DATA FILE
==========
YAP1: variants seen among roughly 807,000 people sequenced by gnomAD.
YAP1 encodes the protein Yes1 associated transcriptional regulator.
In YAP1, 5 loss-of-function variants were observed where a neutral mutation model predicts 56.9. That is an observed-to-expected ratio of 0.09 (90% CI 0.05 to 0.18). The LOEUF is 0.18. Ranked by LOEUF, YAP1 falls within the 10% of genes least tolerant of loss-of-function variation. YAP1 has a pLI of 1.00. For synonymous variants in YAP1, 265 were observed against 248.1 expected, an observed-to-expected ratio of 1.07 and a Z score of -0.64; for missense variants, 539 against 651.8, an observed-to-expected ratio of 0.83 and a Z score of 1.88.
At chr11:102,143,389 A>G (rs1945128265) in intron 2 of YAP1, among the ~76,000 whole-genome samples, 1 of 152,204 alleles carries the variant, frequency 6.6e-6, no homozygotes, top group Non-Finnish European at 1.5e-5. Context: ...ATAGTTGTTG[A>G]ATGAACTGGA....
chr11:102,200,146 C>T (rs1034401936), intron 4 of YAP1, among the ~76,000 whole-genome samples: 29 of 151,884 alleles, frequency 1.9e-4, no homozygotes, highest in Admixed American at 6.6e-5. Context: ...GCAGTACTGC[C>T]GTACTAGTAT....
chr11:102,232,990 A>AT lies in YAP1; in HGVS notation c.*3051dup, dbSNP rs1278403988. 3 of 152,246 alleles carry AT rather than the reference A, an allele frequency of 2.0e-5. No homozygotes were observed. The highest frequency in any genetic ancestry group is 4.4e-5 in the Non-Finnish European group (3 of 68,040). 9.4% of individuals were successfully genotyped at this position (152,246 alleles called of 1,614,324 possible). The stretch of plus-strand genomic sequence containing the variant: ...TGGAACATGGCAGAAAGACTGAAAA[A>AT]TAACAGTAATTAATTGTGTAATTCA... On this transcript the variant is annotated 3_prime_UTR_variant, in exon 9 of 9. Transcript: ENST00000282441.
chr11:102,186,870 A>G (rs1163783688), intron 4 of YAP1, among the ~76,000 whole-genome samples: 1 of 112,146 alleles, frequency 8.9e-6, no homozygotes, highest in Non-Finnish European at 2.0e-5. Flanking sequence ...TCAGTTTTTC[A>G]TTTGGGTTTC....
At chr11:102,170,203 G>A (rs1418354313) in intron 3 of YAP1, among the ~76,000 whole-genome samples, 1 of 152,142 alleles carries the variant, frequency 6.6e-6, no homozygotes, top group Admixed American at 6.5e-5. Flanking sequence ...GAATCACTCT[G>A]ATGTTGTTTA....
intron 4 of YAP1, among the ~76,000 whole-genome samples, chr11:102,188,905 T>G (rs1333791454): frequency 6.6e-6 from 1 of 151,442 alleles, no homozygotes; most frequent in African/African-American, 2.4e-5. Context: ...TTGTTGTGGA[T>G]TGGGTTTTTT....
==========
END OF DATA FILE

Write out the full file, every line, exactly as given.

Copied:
YAP1: variants seen among roughly 807,000 people sequenced by gnomAD.
YAP1 encodes the protein Yes1 associated transcriptional regulator.
In YAP1, 5 loss-of-function variants were observed where a neutral mutation model predicts 56.9. That is an observed-to-expected ratio of 0.09 (90% CI 0.05 to 0.18). The LOEUF is 0.18. Ranked by LOEUF, YAP1 falls within the 10% of genes least tolerant of loss-of-function variation. YAP1 has a pLI of 1.00. For synonymous variants in YAP1, 265 were observed against 248.1 expected, an observed-to-expected ratio of 1.07 and a Z score of -0.64; for missense variants, 539 against 651.8, an observed-to-expected ratio of 0.83 and a Z score of 1.88.
At chr11:102,143,389 A>G (rs1945128265) in intron 2 of YAP1, among the ~76,000 whole-genome samples, 1 of 152,204 alleles carries the variant, frequency 6.6e-6, no homozygotes, top group Non-Finnish European at 1.5e-5. Context: ...ATAGTTGTTG[A>G]ATGAACTGGA....
chr11:102,200,146 C>T (rs1034401936), intron 4 of YAP1, among the ~76,000 whole-genome samples: 29 of 151,884 alleles, frequency 1.9e-4, no homozygotes, highest in Admixed American at 6.6e-5. Context: ...GCAGTACTGC[C>T]GTACTAGTAT....
chr11:102,232,990 A>AT lies in YAP1; in HGVS notation c.*3051dup, dbSNP rs1278403988. 3 of 152,246 alleles carry AT rather than the reference A, an allele frequency of 2.0e-5. No homozygotes were observed. The highest frequency in any genetic ancestry group is 4.4e-5 in the Non-Finnish European group (3 of 68,040). 9.4% of individuals were successfully genotyped at this position (152,246 alleles called of 1,614,324 possible). The stretch of plus-strand genomic sequence containing the variant: ...TGGAACATGGCAGAAAGACTGAAAA[A>AT]TAACAGTAATTAATTGTGTAATTCA... On this transcript the variant is annotated 3_prime_UTR_variant, in exon 9 of 9. Transcript: ENST00000282441.
chr11:102,186,870 A>G (rs1163783688), intron 4 of YAP1, among the ~76,000 whole-genome samples: 1 of 112,146 alleles, frequency 8.9e-6, no homozygotes, highest in Non-Finnish European at 2.0e-5. Flanking sequence ...TCAGTTTTTC[A>G]TTTGGGTTTC....
At chr11:102,170,203 G>A (rs1418354313) in intron 3 of YAP1, among the ~76,000 whole-genome samples, 1 of 152,142 alleles carries the variant, frequency 6.6e-6, no homozygotes, top group Admixed American at 6.5e-5. Flanking sequence ...GAATCACTCT[G>A]ATGTTGTTTA....
intron 4 of YAP1, among the ~76,000 whole-genome samples, chr11:102,188,905 T>G (rs1333791454): frequency 6.6e-6 from 1 of 151,442 alleles, no homozygotes; most frequent in African/African-American, 2.4e-5. Context: ...TTGTTGTGGA[T>G]TGGGTTTTTT....